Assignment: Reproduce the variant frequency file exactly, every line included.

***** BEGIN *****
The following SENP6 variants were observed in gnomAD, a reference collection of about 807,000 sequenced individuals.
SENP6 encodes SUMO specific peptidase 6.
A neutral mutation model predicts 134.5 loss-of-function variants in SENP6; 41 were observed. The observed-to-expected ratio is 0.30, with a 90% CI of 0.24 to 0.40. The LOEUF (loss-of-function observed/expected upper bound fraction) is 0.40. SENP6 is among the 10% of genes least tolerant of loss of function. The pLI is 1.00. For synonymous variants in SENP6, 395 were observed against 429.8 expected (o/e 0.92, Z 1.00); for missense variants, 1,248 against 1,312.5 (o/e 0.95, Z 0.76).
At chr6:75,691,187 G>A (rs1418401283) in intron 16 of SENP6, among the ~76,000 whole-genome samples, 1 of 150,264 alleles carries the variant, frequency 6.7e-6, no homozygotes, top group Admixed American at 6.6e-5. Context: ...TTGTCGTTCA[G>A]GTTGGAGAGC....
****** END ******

The following SENP6 variants were observed in gnomAD, a reference collection of about 807,000 sequenced individuals.
SENP6 encodes SUMO specific peptidase 6.
A neutral mutation model predicts 134.5 loss-of-function variants in SENP6; 41 were observed. The observed-to-expected ratio is 0.30, with a 90% CI of 0.24 to 0.40. The LOEUF (loss-of-function observed/expected upper bound fraction) is 0.40. SENP6 is among the 10% of genes least tolerant of loss of function. The pLI is 1.00. For synonymous variants in SENP6, 395 were observed against 429.8 expected (o/e 0.92, Z 1.00); for missense variants, 1,248 against 1,312.5 (o/e 0.95, Z 0.76).
At chr6:75,691,187 G>A (rs1418401283) in intron 16 of SENP6, among the ~76,000 whole-genome samples, 1 of 150,264 alleles carries the variant, frequency 6.7e-6, no homozygotes, top group Admixed American at 6.6e-5. Context: ...TTGTCGTTCA[G>A]GTTGGAGAGC....